Canada looks to attract younger, independent Australian travellers

Atlantic Canada a burgeoning region for growth

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Maureen Riley, Vice President International, Destination Canada

Destination Canada is hoping to lure a younger demographic to the country as part of an effort to curb a decrease in Australian visitor numbers in 2018.

While Canada welcomed a record 21.1 million international arrivals globally, the portion of Australian travellers was down 3% last year from the 2017 result to 349,000. The organisation has responded to this decline with a modest goal: to increase Australian visitors in 2019 by 1%. As of the end of April there’s already been a bounce, with 71,000 Aussies entering the North-American nation, up 5% year-on-year.

Speaking exclusively with LATTE this week in Sydney, Destination Canada’s Vice President International, Maureen Riley said the Australian market remains crucial.

“Australian travellers travel longer and spend more than other markets when they come to Canada,” Riley said. The average length of stay is 18 days in summer and a little over two weeks in winter, while the average spend is just over CA$2,400 per trip.

Statistics Canada figures show signs of growth in 2019

Riley said Destination Canada’s drive in recent years to attract Australians beyond the western provinces of British Columbia and Alberta is “starting to see some growth”.

“It’s an interesting challenge because I would assume it’s a similar challenge to getting more people to travel to Perth here in Australia. The point of entry [for most Australians] is Vancouver in western Canada and it’s a big country to travel across.”

“We are starting to see significant growth into Ontario, where we have Toronto and Niagara Falls, and we are starting to see some numbers into Montreal and Quebec City. But there’s even more in Atlantic Canada and that’s where we have, I think, the biggest opportunity for long-term growth.”

Riley said Atlantic Canada is a region lesser-known to tourists but Australians are starting to explore this part of the country for its unique experiences in summer and in the pursuit of the Aurora Borealis in winter.

Another growth opportunity is the “dual nation vacation” itinerary, a phrase used to describe trips that travel through Canada and the United States. “We are starting to see more and more of that emerging,” Riley said.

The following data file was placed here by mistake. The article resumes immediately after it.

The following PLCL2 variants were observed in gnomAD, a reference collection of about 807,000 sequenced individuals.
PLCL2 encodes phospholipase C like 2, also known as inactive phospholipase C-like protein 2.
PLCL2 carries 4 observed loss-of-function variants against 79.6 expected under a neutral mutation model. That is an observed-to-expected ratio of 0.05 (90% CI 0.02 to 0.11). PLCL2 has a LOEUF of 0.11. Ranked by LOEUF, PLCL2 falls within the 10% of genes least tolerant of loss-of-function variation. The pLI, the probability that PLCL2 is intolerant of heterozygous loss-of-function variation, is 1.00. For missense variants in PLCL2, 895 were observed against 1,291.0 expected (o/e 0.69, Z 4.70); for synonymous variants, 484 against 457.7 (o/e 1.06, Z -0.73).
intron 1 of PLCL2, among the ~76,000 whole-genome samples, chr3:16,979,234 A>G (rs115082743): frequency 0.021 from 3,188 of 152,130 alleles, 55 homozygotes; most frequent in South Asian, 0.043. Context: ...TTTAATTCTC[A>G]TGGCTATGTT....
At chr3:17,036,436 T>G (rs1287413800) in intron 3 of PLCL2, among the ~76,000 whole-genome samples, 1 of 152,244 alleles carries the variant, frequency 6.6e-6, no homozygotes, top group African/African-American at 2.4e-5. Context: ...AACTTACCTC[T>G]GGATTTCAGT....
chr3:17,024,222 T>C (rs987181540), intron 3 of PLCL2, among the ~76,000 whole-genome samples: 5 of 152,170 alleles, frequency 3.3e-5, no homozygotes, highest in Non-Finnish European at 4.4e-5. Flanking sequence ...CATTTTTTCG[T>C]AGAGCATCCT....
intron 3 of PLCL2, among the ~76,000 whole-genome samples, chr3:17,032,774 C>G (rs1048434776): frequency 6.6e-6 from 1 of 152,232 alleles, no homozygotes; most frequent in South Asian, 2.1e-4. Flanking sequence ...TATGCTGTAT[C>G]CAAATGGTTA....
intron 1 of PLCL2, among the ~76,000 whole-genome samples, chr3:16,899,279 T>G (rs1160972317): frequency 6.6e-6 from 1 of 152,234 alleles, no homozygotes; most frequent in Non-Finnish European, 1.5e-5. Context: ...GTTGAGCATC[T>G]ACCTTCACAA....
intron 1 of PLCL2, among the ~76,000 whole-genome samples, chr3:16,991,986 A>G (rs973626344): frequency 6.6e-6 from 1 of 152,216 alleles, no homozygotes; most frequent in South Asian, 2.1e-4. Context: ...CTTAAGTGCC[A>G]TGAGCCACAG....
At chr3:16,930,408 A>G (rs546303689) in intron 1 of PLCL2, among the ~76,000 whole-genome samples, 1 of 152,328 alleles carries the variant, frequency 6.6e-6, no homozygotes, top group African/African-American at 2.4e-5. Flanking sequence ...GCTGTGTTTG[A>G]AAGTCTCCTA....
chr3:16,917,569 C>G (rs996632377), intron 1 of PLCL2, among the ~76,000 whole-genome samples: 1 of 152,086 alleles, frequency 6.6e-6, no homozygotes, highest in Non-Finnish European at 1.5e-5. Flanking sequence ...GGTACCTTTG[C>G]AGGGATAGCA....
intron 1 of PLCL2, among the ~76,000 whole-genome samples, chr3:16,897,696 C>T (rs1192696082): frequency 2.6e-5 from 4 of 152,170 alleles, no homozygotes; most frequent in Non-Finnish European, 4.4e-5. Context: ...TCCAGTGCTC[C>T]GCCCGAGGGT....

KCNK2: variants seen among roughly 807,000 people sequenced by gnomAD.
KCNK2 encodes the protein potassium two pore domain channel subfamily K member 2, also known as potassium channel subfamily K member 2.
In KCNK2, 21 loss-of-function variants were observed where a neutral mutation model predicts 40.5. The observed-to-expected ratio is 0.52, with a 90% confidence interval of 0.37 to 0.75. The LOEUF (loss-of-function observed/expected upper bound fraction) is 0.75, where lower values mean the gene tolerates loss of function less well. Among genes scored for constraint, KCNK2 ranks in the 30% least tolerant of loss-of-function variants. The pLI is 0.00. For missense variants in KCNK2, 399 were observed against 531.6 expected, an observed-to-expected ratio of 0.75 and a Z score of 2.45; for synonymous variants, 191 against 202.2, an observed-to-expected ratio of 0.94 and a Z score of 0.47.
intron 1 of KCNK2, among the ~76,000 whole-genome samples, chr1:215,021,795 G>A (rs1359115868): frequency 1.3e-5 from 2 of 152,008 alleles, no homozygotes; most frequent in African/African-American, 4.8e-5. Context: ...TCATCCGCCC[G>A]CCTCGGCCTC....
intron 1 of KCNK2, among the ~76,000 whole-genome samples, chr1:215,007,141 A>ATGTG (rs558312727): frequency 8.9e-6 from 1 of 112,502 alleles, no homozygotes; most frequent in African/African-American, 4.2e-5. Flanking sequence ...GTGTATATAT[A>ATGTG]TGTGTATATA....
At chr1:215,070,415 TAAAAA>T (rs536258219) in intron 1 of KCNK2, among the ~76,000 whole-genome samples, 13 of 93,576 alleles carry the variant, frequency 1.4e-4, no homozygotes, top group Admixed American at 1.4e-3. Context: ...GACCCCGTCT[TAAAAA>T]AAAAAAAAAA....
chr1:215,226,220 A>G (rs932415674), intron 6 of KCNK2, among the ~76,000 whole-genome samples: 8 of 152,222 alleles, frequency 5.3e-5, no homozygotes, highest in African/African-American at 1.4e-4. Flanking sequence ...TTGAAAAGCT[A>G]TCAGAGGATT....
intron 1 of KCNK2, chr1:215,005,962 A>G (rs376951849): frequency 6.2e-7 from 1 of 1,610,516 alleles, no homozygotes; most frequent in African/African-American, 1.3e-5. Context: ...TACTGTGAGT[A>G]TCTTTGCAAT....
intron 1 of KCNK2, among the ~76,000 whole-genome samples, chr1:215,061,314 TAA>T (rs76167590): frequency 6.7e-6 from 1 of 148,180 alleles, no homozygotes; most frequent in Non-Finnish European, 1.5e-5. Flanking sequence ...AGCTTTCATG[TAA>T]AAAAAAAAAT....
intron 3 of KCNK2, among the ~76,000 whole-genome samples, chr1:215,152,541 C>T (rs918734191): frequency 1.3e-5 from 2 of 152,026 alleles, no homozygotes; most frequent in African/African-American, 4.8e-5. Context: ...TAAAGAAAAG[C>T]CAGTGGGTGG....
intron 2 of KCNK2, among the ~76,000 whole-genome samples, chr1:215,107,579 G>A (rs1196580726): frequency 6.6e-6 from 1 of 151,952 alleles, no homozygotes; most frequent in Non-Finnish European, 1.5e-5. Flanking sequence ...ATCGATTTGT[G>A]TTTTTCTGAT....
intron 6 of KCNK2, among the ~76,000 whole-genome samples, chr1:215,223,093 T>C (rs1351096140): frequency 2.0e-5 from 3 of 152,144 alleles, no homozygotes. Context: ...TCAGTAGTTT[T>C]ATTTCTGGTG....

Traditionally a favoured market from the 50+ demographic, Destination Canada is now preparing to target a younger audience that includes independent travellers.

“We would love to see a younger demographic that we know are more likely to get off-the-beaten-track and explore more of Canada. We are working with a lot of these tour operators to create new itineraries and [new products].”

Destination Canada’s newly adopted brand and tagline, ‘For Glowing Hearts’, is based on the idea that tourism changes people. Specifically, the line refers to a belief that visiting Canada will leave a lasting impression on every traveller’s heart.

“A big piece of that [idea] has to do with connecting with Canadians and then exploring more of what Canada has to showcase. You can have a transformative experience in a city but the real transformation comes when you start interacting with people and the environment around you. That tends to appeal to a younger demographic or travellers that are young at heart, and we need to make sure we are connecting with that specific audience.”

“As we launch our new brand and start to refresh and develop new itineraries, refresh the existing product that is already out there and really showcase more of Canada’s unique selling propositions, we are hopeful that that will start turning the market around,” Riley told LATTE.

The luxury segment of the market is another area Destination Canada is starting to look at more seriously.

“We’ve broken ourselves into two different categories: we look at luxury and we look at legendary. We have some incredible five-star experiences [that] wouldn’t necessarily qualify as five-star accommodation,” Riley explained. She cited the Polar Bear experiences in Churchill, Manitoba as an example of this; while mind-blowing, unique and including a first-class service, the accommodation is on the rustic side.

Elsewhere, the tourist board is also about to reboot the Canada Specialist Program (CSP) which was launched some years ago. Over the next year or so CSP will be “completely overhauled” ahead of a relaunch next summer or autumn.

“Unfortunately we haven’t put a lot of time into further evolving the Canada Specialist Program since its debut so now we are going to start again and rebuild it.”

Riley said the revised CSP would aim to leverage the program against Canada’s greater tourism strategy, focused on cultural, natural and people-based experiences, promoting shoulder-season travel and showcasing Canada’s unique sales proposition.

All destination images supplied by Destination Canada.

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